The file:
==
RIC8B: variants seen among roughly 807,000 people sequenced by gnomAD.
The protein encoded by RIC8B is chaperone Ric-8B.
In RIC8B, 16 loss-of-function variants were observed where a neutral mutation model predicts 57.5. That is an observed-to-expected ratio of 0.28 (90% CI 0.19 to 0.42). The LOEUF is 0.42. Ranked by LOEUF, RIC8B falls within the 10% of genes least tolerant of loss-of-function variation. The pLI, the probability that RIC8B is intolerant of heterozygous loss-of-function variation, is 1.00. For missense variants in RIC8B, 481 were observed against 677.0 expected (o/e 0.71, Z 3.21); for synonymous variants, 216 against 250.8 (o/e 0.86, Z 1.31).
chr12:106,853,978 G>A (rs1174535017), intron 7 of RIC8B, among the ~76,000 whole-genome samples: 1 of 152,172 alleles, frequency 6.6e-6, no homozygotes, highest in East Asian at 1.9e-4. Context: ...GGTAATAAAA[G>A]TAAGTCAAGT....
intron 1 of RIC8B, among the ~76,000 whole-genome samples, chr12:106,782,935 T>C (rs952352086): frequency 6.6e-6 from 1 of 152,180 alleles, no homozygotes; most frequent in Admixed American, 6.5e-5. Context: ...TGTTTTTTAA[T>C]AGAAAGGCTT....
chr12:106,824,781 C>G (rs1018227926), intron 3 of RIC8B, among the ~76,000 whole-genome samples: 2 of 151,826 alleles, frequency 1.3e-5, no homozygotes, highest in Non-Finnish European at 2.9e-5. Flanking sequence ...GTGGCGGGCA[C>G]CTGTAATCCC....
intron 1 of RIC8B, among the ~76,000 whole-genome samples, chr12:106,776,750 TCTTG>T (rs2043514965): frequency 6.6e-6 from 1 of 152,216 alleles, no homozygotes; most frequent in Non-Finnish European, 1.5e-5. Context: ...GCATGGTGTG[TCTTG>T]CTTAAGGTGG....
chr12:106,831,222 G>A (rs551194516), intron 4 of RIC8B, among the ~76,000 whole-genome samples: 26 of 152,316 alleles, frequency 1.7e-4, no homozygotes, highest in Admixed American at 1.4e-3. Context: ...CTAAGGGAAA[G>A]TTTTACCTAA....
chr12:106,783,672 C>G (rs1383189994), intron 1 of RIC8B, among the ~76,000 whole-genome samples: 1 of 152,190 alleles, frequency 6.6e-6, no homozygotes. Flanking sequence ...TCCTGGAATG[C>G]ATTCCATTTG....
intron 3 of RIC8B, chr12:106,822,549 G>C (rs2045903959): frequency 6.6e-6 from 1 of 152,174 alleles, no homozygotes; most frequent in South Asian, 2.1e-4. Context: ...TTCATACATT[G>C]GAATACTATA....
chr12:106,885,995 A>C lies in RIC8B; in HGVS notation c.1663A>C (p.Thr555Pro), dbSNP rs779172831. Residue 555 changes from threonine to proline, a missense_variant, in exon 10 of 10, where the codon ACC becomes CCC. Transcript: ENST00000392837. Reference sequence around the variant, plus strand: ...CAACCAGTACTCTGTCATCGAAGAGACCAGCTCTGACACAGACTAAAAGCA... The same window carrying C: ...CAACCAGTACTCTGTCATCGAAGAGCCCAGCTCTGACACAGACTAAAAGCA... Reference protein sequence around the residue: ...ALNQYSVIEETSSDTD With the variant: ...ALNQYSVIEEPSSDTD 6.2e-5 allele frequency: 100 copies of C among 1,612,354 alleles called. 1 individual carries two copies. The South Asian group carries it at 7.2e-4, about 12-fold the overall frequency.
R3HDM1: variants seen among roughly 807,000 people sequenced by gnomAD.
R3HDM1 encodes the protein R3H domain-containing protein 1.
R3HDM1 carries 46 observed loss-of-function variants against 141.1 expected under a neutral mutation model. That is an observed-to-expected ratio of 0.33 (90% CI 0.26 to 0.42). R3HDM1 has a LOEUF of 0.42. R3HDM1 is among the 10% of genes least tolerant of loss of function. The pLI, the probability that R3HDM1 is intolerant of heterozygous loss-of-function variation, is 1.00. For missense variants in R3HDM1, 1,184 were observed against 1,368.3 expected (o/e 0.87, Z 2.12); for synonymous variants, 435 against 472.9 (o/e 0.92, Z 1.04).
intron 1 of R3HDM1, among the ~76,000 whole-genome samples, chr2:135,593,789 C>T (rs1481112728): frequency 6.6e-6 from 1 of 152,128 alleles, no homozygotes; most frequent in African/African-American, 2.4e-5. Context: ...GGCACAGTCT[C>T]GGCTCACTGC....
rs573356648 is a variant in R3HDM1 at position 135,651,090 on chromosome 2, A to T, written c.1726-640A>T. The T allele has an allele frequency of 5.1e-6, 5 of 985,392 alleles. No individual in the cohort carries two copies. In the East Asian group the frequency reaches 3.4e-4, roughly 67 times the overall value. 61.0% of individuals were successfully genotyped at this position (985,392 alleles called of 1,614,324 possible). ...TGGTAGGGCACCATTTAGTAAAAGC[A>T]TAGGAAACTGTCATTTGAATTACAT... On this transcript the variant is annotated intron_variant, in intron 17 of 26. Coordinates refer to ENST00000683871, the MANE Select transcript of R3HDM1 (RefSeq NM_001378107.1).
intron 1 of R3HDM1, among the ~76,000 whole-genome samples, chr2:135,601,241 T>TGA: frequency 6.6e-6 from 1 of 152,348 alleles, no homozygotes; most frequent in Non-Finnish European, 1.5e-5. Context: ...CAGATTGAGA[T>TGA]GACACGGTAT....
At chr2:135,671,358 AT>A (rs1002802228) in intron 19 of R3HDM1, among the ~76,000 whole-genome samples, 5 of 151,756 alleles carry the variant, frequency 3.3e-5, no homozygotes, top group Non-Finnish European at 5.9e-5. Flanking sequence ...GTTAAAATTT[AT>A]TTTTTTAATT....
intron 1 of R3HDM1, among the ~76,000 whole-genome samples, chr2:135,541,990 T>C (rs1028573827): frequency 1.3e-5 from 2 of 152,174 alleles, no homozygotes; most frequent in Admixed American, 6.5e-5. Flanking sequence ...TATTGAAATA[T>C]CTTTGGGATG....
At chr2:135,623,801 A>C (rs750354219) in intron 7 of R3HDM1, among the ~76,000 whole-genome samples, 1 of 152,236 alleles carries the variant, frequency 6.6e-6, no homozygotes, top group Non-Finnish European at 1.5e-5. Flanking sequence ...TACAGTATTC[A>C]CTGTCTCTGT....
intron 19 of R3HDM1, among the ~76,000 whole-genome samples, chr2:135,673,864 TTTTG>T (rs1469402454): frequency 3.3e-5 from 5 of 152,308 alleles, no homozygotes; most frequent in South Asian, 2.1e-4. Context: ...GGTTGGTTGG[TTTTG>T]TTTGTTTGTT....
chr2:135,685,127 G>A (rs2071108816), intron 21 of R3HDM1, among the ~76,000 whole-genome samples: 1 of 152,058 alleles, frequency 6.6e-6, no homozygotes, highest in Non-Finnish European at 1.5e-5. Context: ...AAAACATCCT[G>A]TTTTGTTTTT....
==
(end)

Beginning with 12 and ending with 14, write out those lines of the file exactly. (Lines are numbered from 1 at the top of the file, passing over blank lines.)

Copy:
R3HDM1: variants seen among roughly 807,000 people sequenced by gnomAD.
R3HDM1 encodes the protein R3H domain-containing protein 1.
R3HDM1 carries 46 observed loss-of-function variants against 141.1 expected under a neutral mutation model. That is an observed-to-expected ratio of 0.33 (90% CI 0.26 to 0.42). R3HDM1 has a LOEUF of 0.42. R3HDM1 is among the 10% of genes least tolerant of loss of function. The pLI, the probability that R3HDM1 is intolerant of heterozygous loss-of-function variation, is 1.00. For missense variants in R3HDM1, 1,184 were observed against 1,368.3 expected (o/e 0.87, Z 2.12); for synonymous variants, 435 against 472.9 (o/e 0.92, Z 1.04).